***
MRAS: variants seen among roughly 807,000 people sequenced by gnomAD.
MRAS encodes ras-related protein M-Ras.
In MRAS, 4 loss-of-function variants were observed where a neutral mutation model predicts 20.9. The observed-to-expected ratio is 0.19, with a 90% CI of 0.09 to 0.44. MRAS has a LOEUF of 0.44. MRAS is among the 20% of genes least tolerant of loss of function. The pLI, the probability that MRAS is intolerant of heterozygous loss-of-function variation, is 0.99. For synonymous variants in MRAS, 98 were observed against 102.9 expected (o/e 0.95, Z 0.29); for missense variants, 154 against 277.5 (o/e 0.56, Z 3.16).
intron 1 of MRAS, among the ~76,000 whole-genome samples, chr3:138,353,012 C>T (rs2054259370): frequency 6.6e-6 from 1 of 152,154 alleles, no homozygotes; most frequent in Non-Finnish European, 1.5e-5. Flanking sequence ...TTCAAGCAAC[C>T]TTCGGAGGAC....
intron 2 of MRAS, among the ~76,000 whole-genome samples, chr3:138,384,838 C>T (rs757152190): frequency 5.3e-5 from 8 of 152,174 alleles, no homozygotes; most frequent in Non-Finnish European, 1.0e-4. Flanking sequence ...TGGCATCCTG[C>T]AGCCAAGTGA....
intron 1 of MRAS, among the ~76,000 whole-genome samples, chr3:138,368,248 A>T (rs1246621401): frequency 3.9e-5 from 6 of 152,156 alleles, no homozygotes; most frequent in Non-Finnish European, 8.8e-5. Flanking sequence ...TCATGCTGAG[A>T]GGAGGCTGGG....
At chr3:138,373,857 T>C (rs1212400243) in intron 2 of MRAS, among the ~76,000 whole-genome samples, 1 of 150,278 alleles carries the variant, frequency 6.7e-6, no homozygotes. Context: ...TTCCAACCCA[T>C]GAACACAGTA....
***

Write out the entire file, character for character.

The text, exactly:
MRAS: variants seen among roughly 807,000 people sequenced by gnomAD.
MRAS encodes ras-related protein M-Ras.
In MRAS, 4 loss-of-function variants were observed where a neutral mutation model predicts 20.9. The observed-to-expected ratio is 0.19, with a 90% CI of 0.09 to 0.44. MRAS has a LOEUF of 0.44. MRAS is among the 20% of genes least tolerant of loss of function. The pLI, the probability that MRAS is intolerant of heterozygous loss-of-function variation, is 0.99. For synonymous variants in MRAS, 98 were observed against 102.9 expected (o/e 0.95, Z 0.29); for missense variants, 154 against 277.5 (o/e 0.56, Z 3.16).
intron 1 of MRAS, among the ~76,000 whole-genome samples, chr3:138,353,012 C>T (rs2054259370): frequency 6.6e-6 from 1 of 152,154 alleles, no homozygotes; most frequent in Non-Finnish European, 1.5e-5. Flanking sequence ...TTCAAGCAAC[C>T]TTCGGAGGAC....
intron 2 of MRAS, among the ~76,000 whole-genome samples, chr3:138,384,838 C>T (rs757152190): frequency 5.3e-5 from 8 of 152,174 alleles, no homozygotes; most frequent in Non-Finnish European, 1.0e-4. Flanking sequence ...TGGCATCCTG[C>T]AGCCAAGTGA....
intron 1 of MRAS, among the ~76,000 whole-genome samples, chr3:138,368,248 A>T (rs1246621401): frequency 3.9e-5 from 6 of 152,156 alleles, no homozygotes; most frequent in Non-Finnish European, 8.8e-5. Flanking sequence ...TCATGCTGAG[A>T]GGAGGCTGGG....
At chr3:138,373,857 T>C (rs1212400243) in intron 2 of MRAS, among the ~76,000 whole-genome samples, 1 of 150,278 alleles carries the variant, frequency 6.7e-6, no homozygotes. Context: ...TTCCAACCCA[T>C]GAACACAGTA....